If you're just waking up to Rachel Maddow's interview with Rand Paul yesterday, welcome to epic. Rand Paul, son of libertarian icon Rep. Ron Paul (R-TX), is Kentucky's new Republican nominee for Senate.
The younger Paul is a Tea Party Republican, and he set the stage for last night's interview by telling NPR about his views on the Civil Rights Act of 1964 earlier in the day. In sum, Paul said he opposes discrimination but has problems with the Civil Rights Act of 1964 because it bans businesses from discriminating against customers.
On the show last night, Paul sounded uncomfortable expressing his views about whether private business owners can hang out a "Black People Not Served Here" sign. He left behind the practical question of African-Americans trying to patronize a store or restaurant for the more theoretical turf of the First Amendment.
MADDOW: Do you think that a private business has the right to say we don't serve black people?
PAUL: I'm not in favor of any discrimination of any form. I would never belong to any club that excluded anybody for race. We still do have private clubs in America that can discriminate based on race.
But I think what's important about this debate is not written into any specific "gotcha" on this, but asking the question: what about freedom of speech? Should we limit speech from people we find abhorrent? Should we limit racists from speaking? I don't want to be associated with those people, but I also don't want to limit their speech in any way in the sense that we tolerate boorish and uncivilized behavior because that's one of the things freedom requires is that we allow people to be boorish and uncivilized, but that doesn't mean we approve of it. I think the problem with this debate is by getting muddled down into it, the implication is somehow that I would approve of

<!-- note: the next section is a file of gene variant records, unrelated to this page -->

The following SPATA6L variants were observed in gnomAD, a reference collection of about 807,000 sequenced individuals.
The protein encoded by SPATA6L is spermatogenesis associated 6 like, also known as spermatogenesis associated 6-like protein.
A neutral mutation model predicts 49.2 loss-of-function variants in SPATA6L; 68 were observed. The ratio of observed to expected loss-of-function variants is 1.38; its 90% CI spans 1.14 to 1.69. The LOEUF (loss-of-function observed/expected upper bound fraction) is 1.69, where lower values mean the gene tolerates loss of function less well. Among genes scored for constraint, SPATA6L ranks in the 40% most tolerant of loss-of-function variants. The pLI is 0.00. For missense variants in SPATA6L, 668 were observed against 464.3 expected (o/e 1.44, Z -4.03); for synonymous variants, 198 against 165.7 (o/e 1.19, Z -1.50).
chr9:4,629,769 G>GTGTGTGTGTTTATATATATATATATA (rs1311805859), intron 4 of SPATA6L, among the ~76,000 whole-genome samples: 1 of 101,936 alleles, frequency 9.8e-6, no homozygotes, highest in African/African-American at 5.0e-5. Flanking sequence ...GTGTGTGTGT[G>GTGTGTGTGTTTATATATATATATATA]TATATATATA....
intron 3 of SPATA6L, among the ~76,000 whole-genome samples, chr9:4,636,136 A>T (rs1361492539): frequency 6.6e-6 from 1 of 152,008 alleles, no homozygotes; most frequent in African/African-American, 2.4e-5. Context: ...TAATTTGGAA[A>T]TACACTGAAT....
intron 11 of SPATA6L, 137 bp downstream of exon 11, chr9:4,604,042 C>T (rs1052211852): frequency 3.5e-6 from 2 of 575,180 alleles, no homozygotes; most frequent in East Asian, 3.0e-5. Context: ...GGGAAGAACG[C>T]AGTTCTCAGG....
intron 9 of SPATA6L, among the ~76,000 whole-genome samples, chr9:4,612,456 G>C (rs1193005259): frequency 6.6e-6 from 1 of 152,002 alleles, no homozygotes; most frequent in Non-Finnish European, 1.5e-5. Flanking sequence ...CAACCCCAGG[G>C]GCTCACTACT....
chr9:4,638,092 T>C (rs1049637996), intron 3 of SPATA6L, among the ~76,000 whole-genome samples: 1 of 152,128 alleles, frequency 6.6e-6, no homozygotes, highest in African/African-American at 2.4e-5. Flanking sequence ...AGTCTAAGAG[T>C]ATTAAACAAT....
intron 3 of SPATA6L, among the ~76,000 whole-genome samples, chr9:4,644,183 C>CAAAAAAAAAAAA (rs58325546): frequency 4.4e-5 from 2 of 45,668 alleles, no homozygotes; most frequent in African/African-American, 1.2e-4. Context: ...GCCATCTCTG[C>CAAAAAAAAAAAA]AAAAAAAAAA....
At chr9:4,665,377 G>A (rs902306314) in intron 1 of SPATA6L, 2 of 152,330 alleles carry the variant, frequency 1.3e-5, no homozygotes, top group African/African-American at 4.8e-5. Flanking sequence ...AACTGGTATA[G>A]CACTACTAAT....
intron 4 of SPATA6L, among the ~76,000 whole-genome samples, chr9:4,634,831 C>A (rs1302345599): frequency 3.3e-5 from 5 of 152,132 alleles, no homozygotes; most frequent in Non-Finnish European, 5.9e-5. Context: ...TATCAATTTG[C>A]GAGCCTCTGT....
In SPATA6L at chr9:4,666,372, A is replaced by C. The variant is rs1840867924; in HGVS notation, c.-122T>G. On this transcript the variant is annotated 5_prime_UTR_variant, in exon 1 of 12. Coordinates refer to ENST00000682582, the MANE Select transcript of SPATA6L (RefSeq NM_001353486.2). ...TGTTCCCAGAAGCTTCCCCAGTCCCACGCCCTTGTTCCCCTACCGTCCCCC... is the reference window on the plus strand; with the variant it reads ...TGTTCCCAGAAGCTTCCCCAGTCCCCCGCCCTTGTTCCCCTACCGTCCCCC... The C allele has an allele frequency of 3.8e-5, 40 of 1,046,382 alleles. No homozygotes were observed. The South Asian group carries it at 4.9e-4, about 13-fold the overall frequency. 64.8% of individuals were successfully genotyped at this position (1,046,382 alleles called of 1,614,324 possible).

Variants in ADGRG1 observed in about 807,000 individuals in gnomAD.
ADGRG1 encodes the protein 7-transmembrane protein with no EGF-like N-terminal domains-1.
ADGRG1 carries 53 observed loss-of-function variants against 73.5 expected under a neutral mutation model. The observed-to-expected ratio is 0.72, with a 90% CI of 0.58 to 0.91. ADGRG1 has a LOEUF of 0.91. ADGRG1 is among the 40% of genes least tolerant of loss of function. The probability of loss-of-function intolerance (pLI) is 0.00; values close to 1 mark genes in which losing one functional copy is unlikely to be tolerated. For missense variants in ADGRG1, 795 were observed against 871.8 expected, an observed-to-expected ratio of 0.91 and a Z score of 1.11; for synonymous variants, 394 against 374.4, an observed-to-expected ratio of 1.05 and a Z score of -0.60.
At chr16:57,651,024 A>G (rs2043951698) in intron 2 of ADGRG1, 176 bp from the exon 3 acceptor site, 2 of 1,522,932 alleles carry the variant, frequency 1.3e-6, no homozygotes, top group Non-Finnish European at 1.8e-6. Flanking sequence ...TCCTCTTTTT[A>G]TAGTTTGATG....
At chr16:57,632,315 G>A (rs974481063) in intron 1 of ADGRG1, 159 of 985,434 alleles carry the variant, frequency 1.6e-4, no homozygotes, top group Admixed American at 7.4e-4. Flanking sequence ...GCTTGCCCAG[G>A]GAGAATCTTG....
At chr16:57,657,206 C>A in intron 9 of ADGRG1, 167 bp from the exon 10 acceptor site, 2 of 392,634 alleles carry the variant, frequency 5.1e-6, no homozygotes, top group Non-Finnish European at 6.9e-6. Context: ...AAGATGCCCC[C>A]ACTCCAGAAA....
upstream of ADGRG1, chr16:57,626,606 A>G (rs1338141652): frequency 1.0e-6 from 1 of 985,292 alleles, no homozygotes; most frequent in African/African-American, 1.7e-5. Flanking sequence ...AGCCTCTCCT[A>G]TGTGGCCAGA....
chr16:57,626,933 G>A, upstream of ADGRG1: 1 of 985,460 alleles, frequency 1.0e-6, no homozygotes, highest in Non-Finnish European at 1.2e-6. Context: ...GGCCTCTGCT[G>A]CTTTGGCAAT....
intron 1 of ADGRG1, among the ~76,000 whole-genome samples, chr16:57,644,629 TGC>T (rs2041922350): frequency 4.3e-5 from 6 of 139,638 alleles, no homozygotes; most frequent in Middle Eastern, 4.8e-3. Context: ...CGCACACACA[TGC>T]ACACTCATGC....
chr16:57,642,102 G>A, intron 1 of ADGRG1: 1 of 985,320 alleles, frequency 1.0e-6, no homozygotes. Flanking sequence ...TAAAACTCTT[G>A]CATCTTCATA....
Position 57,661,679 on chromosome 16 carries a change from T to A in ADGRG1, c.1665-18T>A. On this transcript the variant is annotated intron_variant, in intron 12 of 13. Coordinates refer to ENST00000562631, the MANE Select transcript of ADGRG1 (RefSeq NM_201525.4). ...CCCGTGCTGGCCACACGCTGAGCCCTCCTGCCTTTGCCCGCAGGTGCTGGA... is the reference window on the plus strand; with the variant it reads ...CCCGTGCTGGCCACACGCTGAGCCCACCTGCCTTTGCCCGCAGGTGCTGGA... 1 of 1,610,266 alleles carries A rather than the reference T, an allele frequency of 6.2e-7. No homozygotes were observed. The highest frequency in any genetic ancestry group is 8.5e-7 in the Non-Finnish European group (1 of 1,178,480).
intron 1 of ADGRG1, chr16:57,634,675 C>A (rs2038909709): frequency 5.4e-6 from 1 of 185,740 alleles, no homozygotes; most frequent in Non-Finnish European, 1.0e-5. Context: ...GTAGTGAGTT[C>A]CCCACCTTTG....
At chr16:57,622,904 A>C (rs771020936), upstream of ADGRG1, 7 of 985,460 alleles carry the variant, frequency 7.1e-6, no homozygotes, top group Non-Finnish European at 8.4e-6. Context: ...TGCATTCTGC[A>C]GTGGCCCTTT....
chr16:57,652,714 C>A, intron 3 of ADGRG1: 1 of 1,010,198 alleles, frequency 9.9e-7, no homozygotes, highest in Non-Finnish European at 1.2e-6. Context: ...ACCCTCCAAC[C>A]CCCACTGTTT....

any racism or discrimination, and I don't in any form or fashion.
Maddow predicted on the show that Paul would face questions about this for the rest of his campaign. And indeed, it started overnight. The lefty Boston Phoenix wrote "GOP Leaders Must Call For Rand Paul To Withdraw" and a Kansas City Star columnist asked, "Do they have truth serum at Tea Parties?"
After the jump, a couple of key Rand Paul quotes.
Rand Paul tells us he supports nine out of 10 parts, or titles, of the Civil Rights Act. Paul objects to the tenth because it deals with private businesses.
PAUL: I do defend and believe that the government should not be involved with institutional racism or discrimination or segregation in schools, busing, all those things. But had I been there, there would have been some discussion over one of the titles of the civil rights.
And I think that's a valid point, and still a valid discussion, because the thing is, is if we want to harbor in on private businesses and their policies, then you have to have the discussion about: do you want to abridge the First Amendment as well. Do you want to say that because people say abhorrent things -- you know, we still have this. We're having all this debate over hate speech and this and that. Can you have a newspaper and say abhorrent things? Can you march in a parade and believe in abhorrent things, you know?. . .
I really think that discrimination and racism is a horrible thing. And I don't want any form of it in our government, in our public sphere.
Paul goes on to say that there's "nothing right now to prevent a lot of re-segregating" and that he's proud of the public desegregation -- think roads, transportation, schools, drinking fountains -- that happened over the past 30 or 40 years. He closed by saying that he's not especially interested in the debate:
Paul: Well, I think what you've done is you bring up something that really is not an issue, nothing I've ever spoken about or have any indication that I'm interested in any legislation concerning. So, what you bring up is sort of a red herring. . . . It's a political ploy. I mean, it's brought up as an attack weapon from the other side, and that's the way it will be used.
But, you know, I think a lot of times these attacks fall back on themselves, and I don't think it will have any effect because the thing is, is that every fiber of my being doesn't believe in discrimination, doesn't believe that we should have that in our society. And to imply otherwise is just dishonest.